Warriors trade scenarios: What I’m hearing about Jonathan Kuminga, James Wiseman and more
BOSTON – The deal with the most seismic deadline Golden State Warriors that they have done during the tenure of Bob Myers came three seasons ago. They turned around By Angelo Russell for Andrew Wiggins and the draft pick that became Jonathan Kumingaavoiding the luxury tax in the process.
But that deal was executed when the Warriors were 12-40, long removed from playoff status. It was basically an advantage in his offseason linked to a financial gymnastics that allowed cost savings. Most of the other years, while they were fighting, they have remained silent in the N.B.A trade deadline, only occasionally nibbling on the margins.
Last season, they didn’t touch their squad at all. The same 15 players who filled the opening night roster were still there the night they won the title in Boston. You could have argued for more urgency at the deadline. They were 41-15 but starting to fall Draymond Green out, leaving a theoretical need for front insurance behind the overloaded Kevon Looney. They looked like they needed a jolt to realistically threaten a title.
Myers stood up. They won the title anyway.
The best doppelgänger for this current Warriors season is actually two years ago. The Warriors hovered around .500 during the middle months. On the day of the 2021 trade deadline, they were 22-22, which is exactly their current record. During that 2020-21 season, they chose not to move Kelly Oubre Jr. —his most available chip—and instead made two small term moves: pay Charlotte to take Brad Wanamaker and Saint Anthony to take Marquese Chriss.
This removed two sites from the list and saved some cash. If players are delisted, their entire salary no longer counts towards the luxury tax. The Warriors, with a cheap prorated contract in the final week of the season, finally became a two-way player Juan Toscano-Anderson in one of those empty spots and tried a few options for the other, finally landing Gary Payton IIstarting a partnership that paid off a season later.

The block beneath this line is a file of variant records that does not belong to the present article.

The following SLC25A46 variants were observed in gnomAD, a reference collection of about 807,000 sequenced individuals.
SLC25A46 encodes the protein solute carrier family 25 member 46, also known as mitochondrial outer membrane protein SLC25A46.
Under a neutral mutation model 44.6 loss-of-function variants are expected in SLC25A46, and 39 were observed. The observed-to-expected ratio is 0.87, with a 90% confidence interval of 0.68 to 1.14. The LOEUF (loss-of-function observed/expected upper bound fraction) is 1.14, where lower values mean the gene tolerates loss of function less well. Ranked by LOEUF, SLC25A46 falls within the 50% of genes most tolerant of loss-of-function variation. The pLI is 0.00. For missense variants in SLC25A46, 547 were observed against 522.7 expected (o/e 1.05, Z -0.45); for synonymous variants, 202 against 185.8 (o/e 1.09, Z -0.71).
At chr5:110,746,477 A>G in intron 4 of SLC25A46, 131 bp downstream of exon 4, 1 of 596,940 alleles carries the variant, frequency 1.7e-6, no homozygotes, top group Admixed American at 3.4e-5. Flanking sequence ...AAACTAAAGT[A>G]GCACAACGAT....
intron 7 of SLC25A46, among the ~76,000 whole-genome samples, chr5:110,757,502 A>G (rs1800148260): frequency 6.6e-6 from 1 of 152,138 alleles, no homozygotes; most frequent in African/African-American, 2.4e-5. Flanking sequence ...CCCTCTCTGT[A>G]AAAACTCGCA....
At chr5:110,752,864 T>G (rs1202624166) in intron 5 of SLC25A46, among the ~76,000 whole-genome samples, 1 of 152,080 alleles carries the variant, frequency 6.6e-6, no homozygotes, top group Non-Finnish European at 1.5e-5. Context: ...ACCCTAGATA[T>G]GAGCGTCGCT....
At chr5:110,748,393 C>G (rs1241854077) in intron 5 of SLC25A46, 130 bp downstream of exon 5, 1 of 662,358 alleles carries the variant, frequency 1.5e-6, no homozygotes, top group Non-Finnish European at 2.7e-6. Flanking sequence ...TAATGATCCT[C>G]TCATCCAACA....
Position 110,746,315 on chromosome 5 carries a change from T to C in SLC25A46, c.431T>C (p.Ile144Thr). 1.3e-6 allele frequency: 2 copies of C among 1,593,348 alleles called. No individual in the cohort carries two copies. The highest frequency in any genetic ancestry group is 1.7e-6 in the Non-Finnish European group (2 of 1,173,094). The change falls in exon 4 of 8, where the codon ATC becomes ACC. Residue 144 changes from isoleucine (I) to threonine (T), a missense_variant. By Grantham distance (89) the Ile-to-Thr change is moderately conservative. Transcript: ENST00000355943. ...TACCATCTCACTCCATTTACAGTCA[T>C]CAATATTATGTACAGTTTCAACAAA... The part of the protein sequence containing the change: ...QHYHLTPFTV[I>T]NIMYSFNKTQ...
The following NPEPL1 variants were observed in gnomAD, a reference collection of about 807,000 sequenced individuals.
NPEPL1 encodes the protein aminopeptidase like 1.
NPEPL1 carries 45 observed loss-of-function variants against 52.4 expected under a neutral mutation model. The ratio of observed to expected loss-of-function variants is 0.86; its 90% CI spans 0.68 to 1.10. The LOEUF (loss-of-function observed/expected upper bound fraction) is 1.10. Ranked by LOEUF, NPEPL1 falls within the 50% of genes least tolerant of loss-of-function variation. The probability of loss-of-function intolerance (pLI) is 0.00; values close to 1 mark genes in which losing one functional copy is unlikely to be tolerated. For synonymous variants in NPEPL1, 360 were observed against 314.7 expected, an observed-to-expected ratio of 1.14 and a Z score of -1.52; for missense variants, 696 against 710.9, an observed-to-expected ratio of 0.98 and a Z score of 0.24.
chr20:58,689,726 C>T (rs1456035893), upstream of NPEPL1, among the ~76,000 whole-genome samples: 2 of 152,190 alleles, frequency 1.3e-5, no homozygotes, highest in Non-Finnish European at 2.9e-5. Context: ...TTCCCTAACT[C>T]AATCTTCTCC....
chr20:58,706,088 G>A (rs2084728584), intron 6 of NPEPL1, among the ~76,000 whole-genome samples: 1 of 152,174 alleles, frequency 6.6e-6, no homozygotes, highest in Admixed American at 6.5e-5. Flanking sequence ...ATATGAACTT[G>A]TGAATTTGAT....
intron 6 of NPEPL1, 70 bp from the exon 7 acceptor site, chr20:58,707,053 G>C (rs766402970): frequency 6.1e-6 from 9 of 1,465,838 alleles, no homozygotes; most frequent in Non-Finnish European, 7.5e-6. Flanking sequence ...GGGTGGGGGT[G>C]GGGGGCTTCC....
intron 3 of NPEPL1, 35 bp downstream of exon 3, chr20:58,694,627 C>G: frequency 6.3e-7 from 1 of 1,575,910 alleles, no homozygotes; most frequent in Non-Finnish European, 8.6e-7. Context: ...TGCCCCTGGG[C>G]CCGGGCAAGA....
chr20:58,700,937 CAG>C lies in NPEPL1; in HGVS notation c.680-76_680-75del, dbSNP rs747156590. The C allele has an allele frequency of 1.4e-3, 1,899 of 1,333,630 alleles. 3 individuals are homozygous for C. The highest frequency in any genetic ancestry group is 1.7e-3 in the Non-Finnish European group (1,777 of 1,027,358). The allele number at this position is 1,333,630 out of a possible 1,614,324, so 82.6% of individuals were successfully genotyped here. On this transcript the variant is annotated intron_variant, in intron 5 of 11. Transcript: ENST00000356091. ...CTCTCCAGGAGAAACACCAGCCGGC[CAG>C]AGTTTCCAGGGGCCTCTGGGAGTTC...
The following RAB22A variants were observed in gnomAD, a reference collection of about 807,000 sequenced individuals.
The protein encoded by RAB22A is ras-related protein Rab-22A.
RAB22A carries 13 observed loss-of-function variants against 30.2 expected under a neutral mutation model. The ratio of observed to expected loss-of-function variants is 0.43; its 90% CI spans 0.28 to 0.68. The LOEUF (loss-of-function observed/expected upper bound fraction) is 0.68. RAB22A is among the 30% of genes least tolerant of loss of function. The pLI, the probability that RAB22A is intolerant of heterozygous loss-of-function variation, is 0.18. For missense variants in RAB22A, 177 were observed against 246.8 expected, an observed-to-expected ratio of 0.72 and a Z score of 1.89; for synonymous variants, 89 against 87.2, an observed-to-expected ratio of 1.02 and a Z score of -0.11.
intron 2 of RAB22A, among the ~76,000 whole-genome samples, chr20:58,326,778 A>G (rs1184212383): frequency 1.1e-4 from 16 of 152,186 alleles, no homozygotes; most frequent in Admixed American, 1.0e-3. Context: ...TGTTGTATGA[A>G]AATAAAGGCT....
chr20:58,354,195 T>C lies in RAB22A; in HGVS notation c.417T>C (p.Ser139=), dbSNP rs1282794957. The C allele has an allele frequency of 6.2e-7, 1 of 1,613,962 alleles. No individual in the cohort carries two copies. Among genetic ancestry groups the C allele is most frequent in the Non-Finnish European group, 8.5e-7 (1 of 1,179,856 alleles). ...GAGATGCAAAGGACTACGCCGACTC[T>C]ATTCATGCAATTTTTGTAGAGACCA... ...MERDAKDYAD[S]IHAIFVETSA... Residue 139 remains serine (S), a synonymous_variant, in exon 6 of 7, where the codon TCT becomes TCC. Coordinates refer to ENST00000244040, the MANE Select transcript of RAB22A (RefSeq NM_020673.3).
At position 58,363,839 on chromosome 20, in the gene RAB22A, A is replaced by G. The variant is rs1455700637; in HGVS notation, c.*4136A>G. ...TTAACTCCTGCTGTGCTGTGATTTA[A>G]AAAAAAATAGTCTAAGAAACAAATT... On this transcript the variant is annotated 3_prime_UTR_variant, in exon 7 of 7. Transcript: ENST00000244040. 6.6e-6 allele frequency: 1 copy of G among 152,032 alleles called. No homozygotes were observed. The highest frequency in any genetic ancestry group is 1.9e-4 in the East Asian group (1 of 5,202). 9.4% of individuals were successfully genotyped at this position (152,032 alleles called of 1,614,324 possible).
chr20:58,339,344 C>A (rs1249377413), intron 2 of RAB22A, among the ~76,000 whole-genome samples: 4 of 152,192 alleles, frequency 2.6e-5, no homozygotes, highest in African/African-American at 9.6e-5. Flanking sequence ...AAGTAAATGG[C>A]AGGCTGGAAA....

Sources with knowledge of the Warriors’ thinking, who were granted anonymity so they could speak freely, point to this type of strategic profiling as the most likely path for these current Warriors. Those in the know aren’t expecting a strong trade deadline with a substantial roster shake-up, but are anticipating something on the sidelines, if at all. Here is a more detailed summary of the situation.
• A backup center com Jakob Poeltl or Kelly Olynyk would profile as a useful rotation upgrade. The Warriors already have an established starting lineup, an effective sixth man in heavy use (Jordan Poole) and two more bench players (Don DiVincenzo and Jonathan Kuminga) who have established themselves. That’s eight. After that, the full-strength playoff rotation is not settled.
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JaMychal Green i James Wiseman they are currently out. Green is closer to a return than Wiseman. He still has time to claim the ninth spot, but JaMychal Green struggled before his season was completely derailed by a leg infection that briefly hospitalized him. His absence opened the door for Wiseman, who got a look but then sprained his ankle on a play and has missed six straight games.
Poeltl or Olynyk would be clear upgrades over either. Poeltl earns $9.4 million in the final season of his contract with San Antonio. Olynyk is making $12.8 million this season in Utah and has $3 million partially guaranteed on top of his $12.2 million salary next season. In theory, the short financial commitment is appealing to the Warriors. They face a well-documented fiscal crisis and are not interested in adding committed salary beyond this season, which eliminates many of the league’s other trade options.
That problem doesn’t exist with Poeltl or Olynyk. But it creates another problem that they struggle to overcome. Poeltl and Olynyk, for the Warriors, would be considered rentals. There are teams that would be more than willing to keep Olynyk on the $12.2 million roster next season or extend Poeltl to his market price in the summer, likely in the mid-teens to $20 million of dollars per season. But owner Joe Lacob and the Warriors aren’t keen on what that would do to their future tax bill, already projected beyond their comfortable threshold.